What good is it, my brothers, if someone says he has faith but does not have works? Can that faith save him?

If a brother or sister has nothing to wear and has no food for the day, and one of you says to them, “Go in peace, keep warm, and eat well,” but you do not give them the necessities of the body, what good is it?

So also faith of itself, if it does not have works, is dead.

Indeed someone might say, “You have faith and I have works.” Demonstrate your faith to me without works, and I will demonstrate my faith to you from my works.

You believe that God is one. You do well. Even the demons believe that and tremble.

Do you want proof, you ignoramus, that faith without works is useless?

Was not Abraham our father justified by works when he offered his son Isaac upon the altar?

You see that faith was active along with his works, and faith was completed by the works.

Thus the scripture was fulfilled that says, “Abraham believed God, and it was credited to him as righteousness,” and he was called “the friend of God.”

See how a person is justified by works and not by faith alone.

Divine mercy is not something we give. We are not God. It is not for us to judge. God will and when He does at the moment of our death, no amount of word games, excuses, false claims or blaming others could fool Him (should that be one’s plan). He knows us better then we know ourselves.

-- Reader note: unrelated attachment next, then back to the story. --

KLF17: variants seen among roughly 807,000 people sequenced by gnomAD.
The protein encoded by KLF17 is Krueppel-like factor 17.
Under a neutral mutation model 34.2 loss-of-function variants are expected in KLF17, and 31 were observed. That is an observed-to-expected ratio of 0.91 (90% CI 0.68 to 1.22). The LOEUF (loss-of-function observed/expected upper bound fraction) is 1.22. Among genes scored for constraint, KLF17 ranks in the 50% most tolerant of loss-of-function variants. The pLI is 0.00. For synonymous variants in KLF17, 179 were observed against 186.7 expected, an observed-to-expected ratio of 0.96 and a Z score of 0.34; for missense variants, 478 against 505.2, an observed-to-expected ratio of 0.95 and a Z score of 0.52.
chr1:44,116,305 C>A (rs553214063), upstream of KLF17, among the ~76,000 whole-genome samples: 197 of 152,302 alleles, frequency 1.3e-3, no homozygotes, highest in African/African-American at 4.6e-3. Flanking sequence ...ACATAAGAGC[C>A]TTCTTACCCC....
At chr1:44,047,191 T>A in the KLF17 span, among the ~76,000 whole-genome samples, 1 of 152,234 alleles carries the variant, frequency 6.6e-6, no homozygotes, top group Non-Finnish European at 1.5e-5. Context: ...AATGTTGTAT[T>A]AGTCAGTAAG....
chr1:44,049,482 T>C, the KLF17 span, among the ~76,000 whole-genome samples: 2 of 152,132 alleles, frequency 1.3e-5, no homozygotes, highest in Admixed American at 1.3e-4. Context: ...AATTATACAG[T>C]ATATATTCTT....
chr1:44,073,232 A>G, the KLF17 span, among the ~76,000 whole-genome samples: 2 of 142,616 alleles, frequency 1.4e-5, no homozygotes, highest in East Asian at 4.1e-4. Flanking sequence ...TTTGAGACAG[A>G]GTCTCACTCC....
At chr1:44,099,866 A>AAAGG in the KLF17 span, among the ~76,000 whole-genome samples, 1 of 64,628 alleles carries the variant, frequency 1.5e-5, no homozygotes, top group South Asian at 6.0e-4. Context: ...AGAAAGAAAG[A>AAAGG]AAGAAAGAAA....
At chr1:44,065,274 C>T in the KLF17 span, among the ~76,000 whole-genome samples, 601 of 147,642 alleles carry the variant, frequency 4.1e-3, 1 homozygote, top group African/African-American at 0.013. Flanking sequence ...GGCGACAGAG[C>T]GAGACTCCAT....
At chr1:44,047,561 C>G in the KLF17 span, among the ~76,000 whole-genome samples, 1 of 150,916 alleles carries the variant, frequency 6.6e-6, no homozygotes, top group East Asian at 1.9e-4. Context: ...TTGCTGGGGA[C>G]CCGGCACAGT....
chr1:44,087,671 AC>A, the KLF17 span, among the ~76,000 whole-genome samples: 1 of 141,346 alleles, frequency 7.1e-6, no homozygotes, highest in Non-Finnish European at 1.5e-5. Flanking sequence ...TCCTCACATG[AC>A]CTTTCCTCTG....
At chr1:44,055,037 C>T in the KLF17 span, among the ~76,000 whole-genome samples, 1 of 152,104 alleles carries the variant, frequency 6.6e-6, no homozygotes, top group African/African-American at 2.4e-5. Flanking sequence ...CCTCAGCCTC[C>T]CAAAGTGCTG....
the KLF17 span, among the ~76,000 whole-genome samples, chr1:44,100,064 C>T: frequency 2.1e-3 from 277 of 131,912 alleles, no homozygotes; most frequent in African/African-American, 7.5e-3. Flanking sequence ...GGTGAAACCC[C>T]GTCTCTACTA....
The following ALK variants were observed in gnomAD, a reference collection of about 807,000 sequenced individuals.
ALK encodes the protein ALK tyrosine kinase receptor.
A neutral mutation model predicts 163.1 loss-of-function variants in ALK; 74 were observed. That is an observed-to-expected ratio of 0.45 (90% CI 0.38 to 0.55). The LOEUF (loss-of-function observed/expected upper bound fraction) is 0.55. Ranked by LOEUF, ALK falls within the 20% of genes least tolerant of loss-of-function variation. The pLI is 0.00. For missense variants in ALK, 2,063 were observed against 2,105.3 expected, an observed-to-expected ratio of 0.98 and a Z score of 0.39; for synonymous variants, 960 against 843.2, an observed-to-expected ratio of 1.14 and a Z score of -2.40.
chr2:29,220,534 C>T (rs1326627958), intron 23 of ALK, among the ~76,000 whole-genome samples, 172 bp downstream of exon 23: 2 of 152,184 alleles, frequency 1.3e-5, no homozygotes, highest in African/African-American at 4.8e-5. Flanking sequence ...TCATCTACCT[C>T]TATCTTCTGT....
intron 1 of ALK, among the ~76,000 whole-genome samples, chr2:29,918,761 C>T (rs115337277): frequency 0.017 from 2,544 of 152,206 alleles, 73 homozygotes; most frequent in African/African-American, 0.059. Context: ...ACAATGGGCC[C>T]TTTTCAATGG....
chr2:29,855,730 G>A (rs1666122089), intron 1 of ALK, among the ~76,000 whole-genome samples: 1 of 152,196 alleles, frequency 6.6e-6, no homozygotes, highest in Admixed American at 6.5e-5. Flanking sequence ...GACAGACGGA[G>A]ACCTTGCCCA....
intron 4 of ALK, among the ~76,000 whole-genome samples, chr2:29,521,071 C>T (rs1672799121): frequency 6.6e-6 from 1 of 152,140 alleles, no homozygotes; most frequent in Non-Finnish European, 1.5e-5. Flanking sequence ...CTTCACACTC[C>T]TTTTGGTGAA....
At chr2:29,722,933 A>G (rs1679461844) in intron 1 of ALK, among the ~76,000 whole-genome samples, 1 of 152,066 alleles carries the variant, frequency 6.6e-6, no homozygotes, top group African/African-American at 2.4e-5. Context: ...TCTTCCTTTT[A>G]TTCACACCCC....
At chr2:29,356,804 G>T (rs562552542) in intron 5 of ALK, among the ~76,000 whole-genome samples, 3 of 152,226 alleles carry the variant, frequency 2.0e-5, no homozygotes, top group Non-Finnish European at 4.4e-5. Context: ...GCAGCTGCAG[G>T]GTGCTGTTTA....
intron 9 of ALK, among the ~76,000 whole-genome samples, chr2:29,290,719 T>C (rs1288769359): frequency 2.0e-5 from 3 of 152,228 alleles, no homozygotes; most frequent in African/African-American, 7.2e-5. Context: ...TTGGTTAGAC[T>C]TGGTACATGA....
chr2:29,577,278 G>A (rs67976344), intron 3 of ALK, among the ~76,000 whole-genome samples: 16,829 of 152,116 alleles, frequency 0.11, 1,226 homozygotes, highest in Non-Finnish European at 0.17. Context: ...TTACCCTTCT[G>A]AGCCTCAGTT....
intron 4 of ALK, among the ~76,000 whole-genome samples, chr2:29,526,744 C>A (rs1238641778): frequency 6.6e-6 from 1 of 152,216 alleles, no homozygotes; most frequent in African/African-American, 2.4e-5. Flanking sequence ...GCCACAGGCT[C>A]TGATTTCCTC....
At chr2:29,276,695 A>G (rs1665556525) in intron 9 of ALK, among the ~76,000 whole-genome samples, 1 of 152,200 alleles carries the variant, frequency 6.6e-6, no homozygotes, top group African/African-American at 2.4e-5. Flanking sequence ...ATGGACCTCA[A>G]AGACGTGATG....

What if, some may ask, a person is invincibly ignorant or has diminished mental capacity or in some other way is not willfully rejecting God? Is there no hope? First, as long as they draw breath there is hope they will turn to God. Second, God is the most perfect and merciful judge. For any individual person, the answer is “we don’t know”. We pray for them, for everyone else and for ourselves. No one should presume to know (itself a sin). However, we know with certainty that Hell is real. Scripture and the Saints suggest it is anything but empty.

Headlines which speak of the Church or the pope offering mercy are distortions. Willful non-repentant sinners are themselves rejecting absolution. They are seeking worldly acceptance but are separating themselves from God and choosing to remain so. The angels and saints weep.

The media suggests the Church can / should / will adopt a “more merciful policy” on adultery, abortion, homosexual and other sinful acts. God’s mercy already absolves these sins for the truly repentant. The media’s implication however is that those who engage in these sinful acts, sometimes loud and proud, but without contrition should still be accepted and tolerated. Of course our brothers and sisters are accepted. It is the sinful acts that are rejected, not the sinners which we all are. That is not good enough for secular thought, which insists these acts are natural, good and wholesome. We call that scandal and such false affirmation will never come from Christ’s true Church. This prideful beef is with God as these violate His commandments. It is utterly impossible for the Church to change this, nor does she desire to. God’s way is the way and the truth and the life.

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Comments

  1. Thank you for writing about mercy. Before reading this I had been just finished reading some poems about mercy by Jessica Powers, a Carmelite nun. I look forward to God’s mercy every day and am excited about the Holy Year of Mercy that begins on the beautiful Solemnity of the Immaculate Conception of Our Lady.

  2. George,
    Just found these essays of yours today. Praise God! May he bless you, bless you, and bless you.
    YBIC,
    David